Jim Manzi (software entrepreneur)

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Jim Manzi
Born1963 (age 56–57)
Alma materWharton School of the University of Pennsylvania, Massachusetts Institute of Technology
OccupationChairman of
Applied Predictive Technologies
Political partyIndependent

James Manzi (/ˈmænzi/; born 1963) is an American political commentator. He is the founder and chairman of Applied Predictive Technologies (a business analytics firm), a contributing editor at National Review, a senior fellow at the Manhattan Institute, and a contributor to a variety of blogs.[1]

Early life and education[edit]

Manzi graduated from the Massachusetts Institute of Technology in 1984 with a B.S. in mathematics. He was also awarded a Dean's Fellowship in statistics to the Wharton School of the University of Pennsylvania as one of the eight top matriculants to the business school's doctoral programs.[2]


After college, Manzi joined AT&T Laboratories and oversaw the development of PC-based pattern recognition software in their Data Networks division.[2] In 1999, he left and joined Anthony Bruce and Scott Setrakian in founding Applied Predictive Technologies, a business analytics company.[3] Manzi served as CEO until 2008, at which point he was named Executive Chairman.[4] He is also a senior fellow at Manhattan Institute and editor of National Review.[5]

Political views and commentary[edit]

Manzi has written articles for a variety of political publications including the New York Post, The Weekly Standard, The Atlantic, and Slate.

Manzi cites Sir Francis Bacon's New Method as a significant inspiration for and influence on his book Uncontrolled: the Surprising Power of Trial and Error for Business, Politics, and Society, saying of it, "there are an incredible array of insights in that book but one of the most fundamental is his argument that we have a tendency to jump to conclusions, that we see patterns in nature and believe we’ve found what we would call today causal rules, but we’re kidding ourselves."[6] Bacon's idea underpins Manzi's thesis that trial and error plays a significant role in helping companies and societies adapt and progress.

He has also contributed to the blogs of those publications and others, such as The American Scene, Andrew Sullivan's The Daily Dish, and National Review's The Corner.[1] David Brooks identified him as one of the "reformers" within the Republican Party,[7] and later noted Manzi's National Affairs article Keeping America's Edge as one of the best magazine essays of 2009.[8]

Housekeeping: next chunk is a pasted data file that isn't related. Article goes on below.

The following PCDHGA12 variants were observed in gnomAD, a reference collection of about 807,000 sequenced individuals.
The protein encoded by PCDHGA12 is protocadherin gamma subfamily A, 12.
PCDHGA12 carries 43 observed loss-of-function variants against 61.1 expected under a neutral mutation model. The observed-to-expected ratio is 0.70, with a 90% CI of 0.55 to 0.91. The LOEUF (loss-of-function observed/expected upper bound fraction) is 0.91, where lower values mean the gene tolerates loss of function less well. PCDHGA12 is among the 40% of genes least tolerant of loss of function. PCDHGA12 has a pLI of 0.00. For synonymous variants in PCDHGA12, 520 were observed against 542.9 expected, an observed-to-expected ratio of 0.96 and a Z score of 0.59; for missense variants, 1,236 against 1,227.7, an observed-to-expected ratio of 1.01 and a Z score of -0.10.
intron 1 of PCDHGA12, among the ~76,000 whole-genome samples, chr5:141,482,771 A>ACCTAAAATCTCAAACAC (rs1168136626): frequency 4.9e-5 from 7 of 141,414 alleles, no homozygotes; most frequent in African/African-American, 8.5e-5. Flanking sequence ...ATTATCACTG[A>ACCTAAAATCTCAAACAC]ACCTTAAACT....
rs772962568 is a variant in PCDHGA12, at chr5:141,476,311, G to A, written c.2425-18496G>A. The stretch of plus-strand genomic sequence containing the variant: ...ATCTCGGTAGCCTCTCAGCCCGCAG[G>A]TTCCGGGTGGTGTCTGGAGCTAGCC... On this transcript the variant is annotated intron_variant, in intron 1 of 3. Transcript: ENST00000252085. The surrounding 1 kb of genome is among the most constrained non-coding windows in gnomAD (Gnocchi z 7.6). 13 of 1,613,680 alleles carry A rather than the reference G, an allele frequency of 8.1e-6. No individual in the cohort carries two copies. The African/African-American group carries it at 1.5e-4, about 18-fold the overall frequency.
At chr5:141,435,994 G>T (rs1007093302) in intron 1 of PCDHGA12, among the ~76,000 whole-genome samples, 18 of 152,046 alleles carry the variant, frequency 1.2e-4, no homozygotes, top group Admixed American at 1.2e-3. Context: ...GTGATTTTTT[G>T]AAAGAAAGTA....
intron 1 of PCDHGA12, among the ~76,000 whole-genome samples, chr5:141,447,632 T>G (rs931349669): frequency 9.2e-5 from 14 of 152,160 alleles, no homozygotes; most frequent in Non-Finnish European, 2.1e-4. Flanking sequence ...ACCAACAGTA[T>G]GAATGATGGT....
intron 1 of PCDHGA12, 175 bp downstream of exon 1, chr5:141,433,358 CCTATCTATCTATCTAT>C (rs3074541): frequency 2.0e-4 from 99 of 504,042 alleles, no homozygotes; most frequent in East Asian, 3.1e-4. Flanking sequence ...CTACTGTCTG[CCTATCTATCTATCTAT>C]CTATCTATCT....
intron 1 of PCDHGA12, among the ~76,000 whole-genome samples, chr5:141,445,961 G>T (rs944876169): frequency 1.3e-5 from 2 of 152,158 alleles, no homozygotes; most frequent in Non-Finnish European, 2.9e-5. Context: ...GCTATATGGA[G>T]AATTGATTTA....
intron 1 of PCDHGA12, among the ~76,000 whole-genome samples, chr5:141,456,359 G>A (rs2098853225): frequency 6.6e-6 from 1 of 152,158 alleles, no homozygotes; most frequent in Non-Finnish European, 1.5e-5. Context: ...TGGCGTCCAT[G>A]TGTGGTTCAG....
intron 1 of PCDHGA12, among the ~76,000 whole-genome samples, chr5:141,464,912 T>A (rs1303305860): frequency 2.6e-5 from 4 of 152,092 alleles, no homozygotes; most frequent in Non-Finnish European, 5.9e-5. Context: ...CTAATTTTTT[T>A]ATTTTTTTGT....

Specific positions[edit]

Manzi has written about climate change, prominently in a controversial National Review cover article in which he argued that conservatives should stop denying global warming is happening,[9] which Rush Limbaugh attacked.[10] He has said that while climate change may be a real phenomenon, the current evidence does not justify the economic costs required to reduce carbon emissions.[11] In writing about the future of the Republican Party, he has argued that the primary challenge for conservatives is to "continue to increase the market orientation of the American economy while helping more Americans to participate in it more equally".[12]

See also[edit]


  1. ^ a b "Manhattan Institute Scholar James Manzi". Retrieved 16 December 2009.
  2. ^ a b "APT Management". Retrieved 4 June 2012.
  3. ^ Manzi, Jim. Uncontrolled. New York: 2012.
  4. ^ "APT Management". Retrieved 16 December 2009.
  5. ^ "National Review". Retrieved 4 June 2012.
  6. ^ http://conversationswithbillkristol.org/video/jim-manzi/
  7. ^ Brooks, David (10 November 2008). "Darkness at Dusk". The New York Times.
  8. ^ Brooks, David (28 December 2009). "The Sidney Awards II". The New York Times.
  9. ^ Manzi, James (25 June 2007). "Game Plan". The National Review.
  10. ^ "Follow the Global Warming Money". The Rush Limbaugh Show, Transcript. 29 June 2007. Retrieved 22 December 2009.
  11. ^ "Six questions for Jim Manzi". The Economist. 29 August 2009. Retrieved 16 December 2009.
  12. ^ "What should the GOP do now?". 5 November 2008. Retrieved 16 December 2009.

External links[edit]